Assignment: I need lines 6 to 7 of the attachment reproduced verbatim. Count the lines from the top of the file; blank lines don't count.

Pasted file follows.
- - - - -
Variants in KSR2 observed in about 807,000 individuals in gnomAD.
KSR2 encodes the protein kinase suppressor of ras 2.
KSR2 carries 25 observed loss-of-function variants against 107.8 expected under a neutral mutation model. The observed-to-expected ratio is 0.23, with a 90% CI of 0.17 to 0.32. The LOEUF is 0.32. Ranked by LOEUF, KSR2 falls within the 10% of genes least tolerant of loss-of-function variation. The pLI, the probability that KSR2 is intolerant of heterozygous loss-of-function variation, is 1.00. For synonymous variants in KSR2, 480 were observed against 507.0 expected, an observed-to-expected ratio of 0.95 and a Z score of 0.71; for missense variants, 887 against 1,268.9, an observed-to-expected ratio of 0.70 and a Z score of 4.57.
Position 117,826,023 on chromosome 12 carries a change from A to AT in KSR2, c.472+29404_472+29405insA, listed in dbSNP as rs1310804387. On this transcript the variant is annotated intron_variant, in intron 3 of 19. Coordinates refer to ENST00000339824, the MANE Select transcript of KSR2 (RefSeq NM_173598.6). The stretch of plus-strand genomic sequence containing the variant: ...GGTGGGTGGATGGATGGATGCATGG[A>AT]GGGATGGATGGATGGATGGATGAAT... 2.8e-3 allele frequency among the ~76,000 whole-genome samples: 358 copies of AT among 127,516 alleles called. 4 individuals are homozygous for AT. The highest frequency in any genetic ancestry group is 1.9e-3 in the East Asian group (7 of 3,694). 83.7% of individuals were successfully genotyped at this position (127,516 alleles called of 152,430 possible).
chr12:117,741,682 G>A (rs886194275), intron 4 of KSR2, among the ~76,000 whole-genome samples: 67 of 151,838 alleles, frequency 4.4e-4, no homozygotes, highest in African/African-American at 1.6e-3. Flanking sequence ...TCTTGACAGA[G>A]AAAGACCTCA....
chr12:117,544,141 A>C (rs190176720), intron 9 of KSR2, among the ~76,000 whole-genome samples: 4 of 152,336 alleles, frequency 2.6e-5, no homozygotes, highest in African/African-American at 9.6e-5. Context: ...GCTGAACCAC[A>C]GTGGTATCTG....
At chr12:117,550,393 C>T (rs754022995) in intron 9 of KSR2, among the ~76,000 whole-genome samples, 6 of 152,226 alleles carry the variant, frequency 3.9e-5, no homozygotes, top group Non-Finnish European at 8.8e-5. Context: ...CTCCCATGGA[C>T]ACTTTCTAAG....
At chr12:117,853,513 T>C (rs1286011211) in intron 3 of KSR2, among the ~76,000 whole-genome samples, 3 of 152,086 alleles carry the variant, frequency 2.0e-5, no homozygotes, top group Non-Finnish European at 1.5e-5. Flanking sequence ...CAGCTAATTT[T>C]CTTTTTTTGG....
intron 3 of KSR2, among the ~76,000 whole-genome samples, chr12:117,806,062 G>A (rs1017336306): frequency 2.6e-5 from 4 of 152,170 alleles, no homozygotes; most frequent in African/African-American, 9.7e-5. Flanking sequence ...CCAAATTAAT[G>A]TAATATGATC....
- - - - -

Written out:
chr12:117,544,141 A>C (rs190176720), intron 9 of KSR2, among the ~76,000 whole-genome samples: 4 of 152,336 alleles, frequency 2.6e-5, no homozygotes, highest in African/African-American at 9.6e-5. Context: ...GCTGAACCAC[A>C]GTGGTATCTG....
At chr12:117,550,393 C>T (rs754022995) in intron 9 of KSR2, among the ~76,000 whole-genome samples, 6 of 152,226 alleles carry the variant, frequency 3.9e-5, no homozygotes, top group Non-Finnish European at 8.8e-5. Context: ...CTCCCATGGA[C>T]ACTTTCTAAG....